The growth of Rome’s empire brought about significant consequences for its republican government, plunging the republic into a period of internal unrest and upheaval. Numerous factors contributed to this turbulent era, including economic inflation, the widening wealth gap caused by the concentration of agricultural land in the hands of wealthy landowners, the demands for Roman citizenship from non-Roman Italians, the devastation suffered by Italy during the Second Punic War, the pervasive corruption among provincial governors in newly acquired territories, and, perhaps most profoundly, the sheer magnitude of Rome’s expansive dominion.
As Rome evolved from a modest city-state into a sprawling empire, the traditional republican system faced mounting challenges. The governance structure relied on two consuls sharing power annually, with the authority to veto each other’s decisions. However, the vastness of the empire and the complexities of administration made effective governance increasingly arduous. The republic struggled to adapt to the demands of governing such an expansive realm, resulting in internal divisions, political rivalries, and a breakdown of traditional checks and balances.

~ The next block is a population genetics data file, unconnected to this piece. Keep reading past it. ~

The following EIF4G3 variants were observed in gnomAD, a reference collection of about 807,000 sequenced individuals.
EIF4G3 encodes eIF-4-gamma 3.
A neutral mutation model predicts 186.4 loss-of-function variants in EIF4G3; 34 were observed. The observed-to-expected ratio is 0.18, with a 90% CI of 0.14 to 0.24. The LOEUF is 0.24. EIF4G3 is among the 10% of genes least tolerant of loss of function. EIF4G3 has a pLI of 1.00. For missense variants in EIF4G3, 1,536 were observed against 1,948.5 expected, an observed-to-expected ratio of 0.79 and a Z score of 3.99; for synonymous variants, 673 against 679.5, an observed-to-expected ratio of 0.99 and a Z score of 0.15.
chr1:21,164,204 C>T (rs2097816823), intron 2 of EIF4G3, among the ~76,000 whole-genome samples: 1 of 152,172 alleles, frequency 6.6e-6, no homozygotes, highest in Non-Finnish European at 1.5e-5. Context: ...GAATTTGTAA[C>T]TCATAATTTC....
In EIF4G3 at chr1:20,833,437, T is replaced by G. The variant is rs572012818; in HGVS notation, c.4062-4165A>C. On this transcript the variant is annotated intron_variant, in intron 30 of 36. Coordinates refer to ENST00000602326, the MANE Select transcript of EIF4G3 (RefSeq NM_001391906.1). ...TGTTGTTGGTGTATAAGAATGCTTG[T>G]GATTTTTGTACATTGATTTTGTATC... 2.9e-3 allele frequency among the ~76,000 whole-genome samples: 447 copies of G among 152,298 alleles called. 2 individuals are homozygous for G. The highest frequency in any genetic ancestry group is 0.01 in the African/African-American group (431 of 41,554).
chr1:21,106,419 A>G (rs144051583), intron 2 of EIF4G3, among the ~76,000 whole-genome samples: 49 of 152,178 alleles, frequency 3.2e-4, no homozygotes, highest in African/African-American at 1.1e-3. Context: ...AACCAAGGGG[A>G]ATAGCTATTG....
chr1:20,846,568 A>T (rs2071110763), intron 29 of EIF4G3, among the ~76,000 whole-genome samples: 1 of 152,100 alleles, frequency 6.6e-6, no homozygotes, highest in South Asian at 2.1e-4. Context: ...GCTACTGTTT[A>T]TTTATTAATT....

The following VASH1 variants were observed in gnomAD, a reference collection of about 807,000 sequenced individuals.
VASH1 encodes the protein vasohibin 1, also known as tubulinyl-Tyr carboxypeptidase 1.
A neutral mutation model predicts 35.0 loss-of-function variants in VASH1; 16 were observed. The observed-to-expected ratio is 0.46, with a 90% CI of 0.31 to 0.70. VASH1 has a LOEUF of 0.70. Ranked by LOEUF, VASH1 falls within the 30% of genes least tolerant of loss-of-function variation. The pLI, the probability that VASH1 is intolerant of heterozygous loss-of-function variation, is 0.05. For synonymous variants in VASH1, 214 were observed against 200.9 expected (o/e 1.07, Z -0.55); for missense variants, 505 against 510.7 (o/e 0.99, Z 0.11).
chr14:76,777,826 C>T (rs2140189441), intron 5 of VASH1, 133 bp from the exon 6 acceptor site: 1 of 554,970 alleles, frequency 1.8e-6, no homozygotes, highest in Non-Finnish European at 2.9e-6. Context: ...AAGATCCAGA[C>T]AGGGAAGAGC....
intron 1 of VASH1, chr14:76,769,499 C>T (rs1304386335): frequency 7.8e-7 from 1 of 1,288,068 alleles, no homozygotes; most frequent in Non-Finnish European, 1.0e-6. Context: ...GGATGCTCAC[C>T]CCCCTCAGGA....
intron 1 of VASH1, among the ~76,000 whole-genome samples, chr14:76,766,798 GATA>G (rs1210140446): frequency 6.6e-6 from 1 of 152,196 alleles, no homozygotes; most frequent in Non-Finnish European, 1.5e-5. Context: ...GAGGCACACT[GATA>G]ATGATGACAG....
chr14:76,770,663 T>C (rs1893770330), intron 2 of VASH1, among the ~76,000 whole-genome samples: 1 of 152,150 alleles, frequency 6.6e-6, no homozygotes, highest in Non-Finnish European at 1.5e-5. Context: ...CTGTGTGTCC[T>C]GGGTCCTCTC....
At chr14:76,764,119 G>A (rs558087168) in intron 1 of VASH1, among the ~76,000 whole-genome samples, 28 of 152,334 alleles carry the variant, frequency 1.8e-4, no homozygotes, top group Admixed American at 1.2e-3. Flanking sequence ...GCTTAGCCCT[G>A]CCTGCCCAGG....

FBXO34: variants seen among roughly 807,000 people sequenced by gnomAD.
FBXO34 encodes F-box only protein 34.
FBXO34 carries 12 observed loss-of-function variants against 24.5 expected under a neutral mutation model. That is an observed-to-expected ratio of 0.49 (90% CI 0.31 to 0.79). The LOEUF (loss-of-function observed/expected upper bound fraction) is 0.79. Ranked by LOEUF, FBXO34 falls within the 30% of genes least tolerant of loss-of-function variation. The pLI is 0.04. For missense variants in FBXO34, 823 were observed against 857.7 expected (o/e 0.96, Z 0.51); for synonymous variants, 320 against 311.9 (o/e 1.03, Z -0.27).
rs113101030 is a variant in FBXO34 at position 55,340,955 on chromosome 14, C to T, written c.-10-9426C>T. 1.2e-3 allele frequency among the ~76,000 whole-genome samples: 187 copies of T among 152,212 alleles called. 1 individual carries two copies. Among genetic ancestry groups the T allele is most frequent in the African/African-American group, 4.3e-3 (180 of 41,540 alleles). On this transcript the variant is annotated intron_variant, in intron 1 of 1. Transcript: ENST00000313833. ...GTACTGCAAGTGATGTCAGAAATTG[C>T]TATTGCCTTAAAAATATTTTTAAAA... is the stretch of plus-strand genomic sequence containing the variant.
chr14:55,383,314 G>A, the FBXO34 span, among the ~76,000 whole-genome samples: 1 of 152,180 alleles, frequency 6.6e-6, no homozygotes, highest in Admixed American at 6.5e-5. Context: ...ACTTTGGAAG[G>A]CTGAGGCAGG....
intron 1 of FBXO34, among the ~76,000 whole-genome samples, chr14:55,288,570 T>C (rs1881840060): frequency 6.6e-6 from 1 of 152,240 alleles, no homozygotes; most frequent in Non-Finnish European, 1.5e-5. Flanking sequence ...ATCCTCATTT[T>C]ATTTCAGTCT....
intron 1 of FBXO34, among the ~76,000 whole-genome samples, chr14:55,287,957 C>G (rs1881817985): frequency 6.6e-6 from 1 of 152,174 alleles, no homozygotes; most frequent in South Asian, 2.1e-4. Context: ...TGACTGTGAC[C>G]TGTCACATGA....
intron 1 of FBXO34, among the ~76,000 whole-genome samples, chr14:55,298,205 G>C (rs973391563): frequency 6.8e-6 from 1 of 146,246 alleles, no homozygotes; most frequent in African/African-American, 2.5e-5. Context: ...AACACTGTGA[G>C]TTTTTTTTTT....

End of Roman Republic in Aeneid by Virgil
As the Roman republic neared its end, a tumultuous period of political unrest and power struggles ensued, with ambitious and ruthless leaders vying for dominance over the state. Despite their efforts, none of these leaders were able to effectively address Rome’s challenges or establish lasting authority for themselves and their factions. The First Triumvirate, consisting of Crassus, Pompey, and Julius Caesar, exemplified this struggle for supremacy. In 49 B.C., Caesar led his legions to Rome and emerged victorious over his rival, Pompey. The power dynamics shifted once again with the formation of the Second Triumvirate, composed of Mark Antony, Lepidus, and Octavian. Eventually, in 31 B.C., Octavian, later known as Augustus, achieved triumph over Antony and Cleopatra at the decisive Battle of Actium, solidifying his position as the dominant leader.